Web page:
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July 22, 2014

Workplace Safety News and Notes - July 2014

Here's a collection of recent safety news and resources, with links to more information:  

Women and PPE: Finding the Right Fit face and hand protection PPE 
A new article in National Safety Council's Safety + Health magazine reminds employers to keep women in mind when purchasing PPE. In industries such as construction it can be challenging to find effective PPE that fits women properly. OSHA cites limited PPE sizes and types and employers’ limited knowledge of PPE designed for women as key reasons women have difficulty finding correctly fitted PPE. The article addresses problems of poor fit, PPE design and more, and includes a link to the International Safety Equipment Association's list of suggested manufacturers that provide PPE for women. Read more here.

novice driverNew NIOSH Fact Sheet on Young Drivers and Workplace Vehicle Crashes
Motor vehicle crashes are the leading cause of work-related fatalities among young people in the United States ages 16 to 24. This new fact sheet will help employers be more aware of the risk of motor vehicle crashes among younger and older workers. It gives information about Federal and state laws that cover workplace driving

and offers recommendations to employers for preventing motor vehicle crashes among younger workers. Finally, it provides links to useful resources on the Internet. Learn more here.

safety trainedAssociate Safety Professional (ASP) to Become a Certification
The Board of Certified Safety Professionals (BCSP) has announced that the Associate Safety Professional (ASP) will become an independent certification in the fourth quarter of 2014. The ASP currently is a designation toward achieving the Certified Safety Professional (CSP). With this change, it will remain as the first of two exams to obtain the CSP, but will enable ASP credential holders to keep it as a certification. Requirements for certification include a Bachelor’s degree in any field or an Associate’s in safety, health, environmental or a closely related field; and at least one year of experience at a professional level with breadth and depth of safety duties. Watch the the BCSP site for updates.

noise area may cause hearing lossNIOSH Evaluates Smartphone Sound Measurement Apps
NIOSH noise researchers have conducted a pilot study to measure the accuracy of sound measurement applications available for smartphones. The big question: Do they provide an accurate assessment of the ambient environment? The pilot study, published in the Journal of the Acoustical Society of America, concludes that smartphone sound apps can serve to empower workers and help them make educated decisions about their work environments. They may be useful for industrial hygienists and OS&H managers to make quick spot measurements to determine if noise levels exist in a workplace that can harm workers’ hearing. Read more here.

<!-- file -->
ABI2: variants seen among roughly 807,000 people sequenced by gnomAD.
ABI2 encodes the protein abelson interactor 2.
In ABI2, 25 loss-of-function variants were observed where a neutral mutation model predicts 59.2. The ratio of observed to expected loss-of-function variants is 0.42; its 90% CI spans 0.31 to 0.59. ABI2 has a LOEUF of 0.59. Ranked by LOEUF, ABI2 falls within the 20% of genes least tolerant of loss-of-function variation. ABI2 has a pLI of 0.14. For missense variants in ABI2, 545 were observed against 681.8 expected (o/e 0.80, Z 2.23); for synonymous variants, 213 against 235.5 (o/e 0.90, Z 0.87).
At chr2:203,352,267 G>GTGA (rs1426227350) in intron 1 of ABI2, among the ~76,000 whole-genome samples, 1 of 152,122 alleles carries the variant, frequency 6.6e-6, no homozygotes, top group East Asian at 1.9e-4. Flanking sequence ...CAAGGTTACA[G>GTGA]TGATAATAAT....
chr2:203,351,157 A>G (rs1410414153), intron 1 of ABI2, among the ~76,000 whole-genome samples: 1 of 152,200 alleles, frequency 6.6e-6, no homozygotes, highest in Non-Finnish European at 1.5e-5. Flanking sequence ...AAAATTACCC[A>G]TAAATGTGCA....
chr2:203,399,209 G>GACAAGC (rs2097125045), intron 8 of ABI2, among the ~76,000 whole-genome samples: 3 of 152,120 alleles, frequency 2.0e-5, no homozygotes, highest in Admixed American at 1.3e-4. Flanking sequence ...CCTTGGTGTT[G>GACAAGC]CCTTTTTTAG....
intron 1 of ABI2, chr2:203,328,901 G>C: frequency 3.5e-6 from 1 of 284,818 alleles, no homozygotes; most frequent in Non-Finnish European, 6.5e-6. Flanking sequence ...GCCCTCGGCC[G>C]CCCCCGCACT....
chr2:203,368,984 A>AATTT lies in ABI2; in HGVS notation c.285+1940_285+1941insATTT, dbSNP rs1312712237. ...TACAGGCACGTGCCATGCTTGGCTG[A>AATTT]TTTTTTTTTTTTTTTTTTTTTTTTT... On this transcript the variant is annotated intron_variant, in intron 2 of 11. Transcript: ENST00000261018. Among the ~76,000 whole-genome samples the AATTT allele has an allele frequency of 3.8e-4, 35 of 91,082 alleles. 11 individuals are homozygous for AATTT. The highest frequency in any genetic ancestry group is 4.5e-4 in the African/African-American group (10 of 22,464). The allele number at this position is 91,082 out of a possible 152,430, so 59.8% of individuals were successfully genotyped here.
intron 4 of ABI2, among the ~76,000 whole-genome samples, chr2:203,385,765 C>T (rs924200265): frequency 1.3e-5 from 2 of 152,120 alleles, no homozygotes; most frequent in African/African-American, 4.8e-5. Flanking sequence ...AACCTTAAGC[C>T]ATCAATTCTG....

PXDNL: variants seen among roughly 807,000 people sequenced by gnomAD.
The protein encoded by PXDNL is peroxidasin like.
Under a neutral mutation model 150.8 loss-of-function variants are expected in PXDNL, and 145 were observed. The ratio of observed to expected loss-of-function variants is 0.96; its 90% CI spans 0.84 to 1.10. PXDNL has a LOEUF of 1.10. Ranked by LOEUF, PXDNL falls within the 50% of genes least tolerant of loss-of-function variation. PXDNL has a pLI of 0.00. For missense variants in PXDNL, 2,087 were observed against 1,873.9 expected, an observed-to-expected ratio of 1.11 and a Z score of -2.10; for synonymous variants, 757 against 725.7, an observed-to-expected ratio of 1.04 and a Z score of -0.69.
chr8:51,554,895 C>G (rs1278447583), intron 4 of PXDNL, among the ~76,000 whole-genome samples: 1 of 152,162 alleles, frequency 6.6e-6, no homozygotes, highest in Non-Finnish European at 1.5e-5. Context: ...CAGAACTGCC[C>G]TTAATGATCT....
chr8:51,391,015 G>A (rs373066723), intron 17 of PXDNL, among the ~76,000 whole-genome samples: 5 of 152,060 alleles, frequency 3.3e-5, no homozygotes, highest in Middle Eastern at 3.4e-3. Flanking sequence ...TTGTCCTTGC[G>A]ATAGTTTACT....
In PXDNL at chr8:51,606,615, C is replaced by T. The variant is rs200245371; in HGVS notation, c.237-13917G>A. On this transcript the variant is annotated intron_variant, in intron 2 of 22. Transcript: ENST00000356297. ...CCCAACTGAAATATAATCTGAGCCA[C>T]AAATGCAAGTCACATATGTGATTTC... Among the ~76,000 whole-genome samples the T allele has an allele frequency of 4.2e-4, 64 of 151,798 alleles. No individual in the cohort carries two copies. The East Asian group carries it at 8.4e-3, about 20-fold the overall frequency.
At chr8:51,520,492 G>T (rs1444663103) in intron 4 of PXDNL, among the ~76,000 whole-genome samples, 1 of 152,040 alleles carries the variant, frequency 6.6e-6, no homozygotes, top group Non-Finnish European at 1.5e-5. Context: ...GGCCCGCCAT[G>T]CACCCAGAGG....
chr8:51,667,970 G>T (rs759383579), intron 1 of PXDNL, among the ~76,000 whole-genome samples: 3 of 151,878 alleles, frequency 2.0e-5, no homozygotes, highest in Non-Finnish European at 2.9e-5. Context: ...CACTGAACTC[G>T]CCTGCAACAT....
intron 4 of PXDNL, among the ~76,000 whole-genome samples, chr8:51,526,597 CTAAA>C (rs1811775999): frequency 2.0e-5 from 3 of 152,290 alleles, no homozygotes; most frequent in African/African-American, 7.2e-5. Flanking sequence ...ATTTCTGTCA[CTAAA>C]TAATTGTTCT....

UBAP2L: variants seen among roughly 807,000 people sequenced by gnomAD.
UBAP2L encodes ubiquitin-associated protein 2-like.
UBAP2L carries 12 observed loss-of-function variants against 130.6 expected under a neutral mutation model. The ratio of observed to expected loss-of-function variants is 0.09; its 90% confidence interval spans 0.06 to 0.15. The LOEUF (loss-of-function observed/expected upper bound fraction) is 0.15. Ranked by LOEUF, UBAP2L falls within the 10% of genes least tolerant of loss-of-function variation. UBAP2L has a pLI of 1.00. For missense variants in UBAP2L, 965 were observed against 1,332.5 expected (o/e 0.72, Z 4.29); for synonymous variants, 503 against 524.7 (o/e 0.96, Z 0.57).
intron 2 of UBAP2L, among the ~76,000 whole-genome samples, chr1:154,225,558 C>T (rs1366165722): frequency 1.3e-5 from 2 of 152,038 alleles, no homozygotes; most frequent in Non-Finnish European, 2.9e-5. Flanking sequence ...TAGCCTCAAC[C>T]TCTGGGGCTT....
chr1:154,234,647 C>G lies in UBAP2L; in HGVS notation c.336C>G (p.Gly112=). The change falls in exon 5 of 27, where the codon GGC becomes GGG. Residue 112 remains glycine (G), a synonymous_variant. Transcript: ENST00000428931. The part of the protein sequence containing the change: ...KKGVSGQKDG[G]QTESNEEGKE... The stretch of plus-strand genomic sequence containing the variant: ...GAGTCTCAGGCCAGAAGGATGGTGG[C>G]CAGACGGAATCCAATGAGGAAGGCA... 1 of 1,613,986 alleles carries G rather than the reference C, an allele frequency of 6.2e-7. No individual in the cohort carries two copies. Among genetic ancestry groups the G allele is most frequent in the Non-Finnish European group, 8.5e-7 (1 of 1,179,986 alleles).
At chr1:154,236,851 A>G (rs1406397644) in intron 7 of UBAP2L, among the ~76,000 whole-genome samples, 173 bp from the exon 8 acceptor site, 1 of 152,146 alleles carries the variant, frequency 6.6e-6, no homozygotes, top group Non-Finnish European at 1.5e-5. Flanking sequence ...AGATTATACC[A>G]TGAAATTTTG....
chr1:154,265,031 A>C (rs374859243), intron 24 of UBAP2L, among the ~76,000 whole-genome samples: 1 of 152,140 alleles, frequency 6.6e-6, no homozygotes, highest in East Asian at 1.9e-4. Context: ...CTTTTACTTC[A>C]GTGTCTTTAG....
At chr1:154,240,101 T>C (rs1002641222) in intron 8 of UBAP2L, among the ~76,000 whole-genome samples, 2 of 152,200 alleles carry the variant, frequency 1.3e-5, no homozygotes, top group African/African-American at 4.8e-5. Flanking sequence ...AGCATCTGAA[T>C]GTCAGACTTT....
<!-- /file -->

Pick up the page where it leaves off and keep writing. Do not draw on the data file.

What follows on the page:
Top 10 Worker Complaints About Safety Programs
The EHS Today 2014 National Safety Survey asked safety managers to share the most frequent employee complaints about their EHS program. Here's a sampling: Too much paperwork; Too many rules and too much training; EHS compliance makes everything more difficult and time-consuming; Supervisors aren't following the rules, why should we?; I've been doing this work for years without an acident. Why change now? EHS created a photo gallery that shares actual quotes and will make you smile, too. See it here.

lift with your legs not your backMobile Egronomics App Evaluates Posture, Lifting and More
A new app from the Singapore Workplace Safety & Health Institute can: Evaluate posture using photographs; Provide tips to improve posture; Monitor changes in posture and health complaints; Share analysis results; Provide exercise tips; Set exercise reminders. The ergo@WSH mobile app also has a feature that shows how to redesign a workstation and provides tips on proper lifting techniques. Read more about the ergo app. (pdf)

heat index heat disorders
Infographic Shows Why Acclimatization Matters when Working in the Heat
A good heat illness prevention plan considers the need for more breaks, a cool place to rest, the availability of fluids, and the an allotment of time for a worker to become fully adjusted or acclimatized to the heat. A plan should be flexible based on the intensity of the heat, the level of humidity, the workers’ experience on the job, and the workers’ physical fitness. Check this NIOSH infographic for more information. 

National Safety Stand-Down Against Falls a Success
Did you participate in the National Safety Stand-Down in June? If so, you're not alone. The Center for Protection of Worker Rights (CPWR) has shared three success stories on its website, and plans to post more in the months ahead. Curent features include the Kentucky Labor Cabinet and Daytona International Speedway. Read these stories and more at the Stop Construction Falls website.

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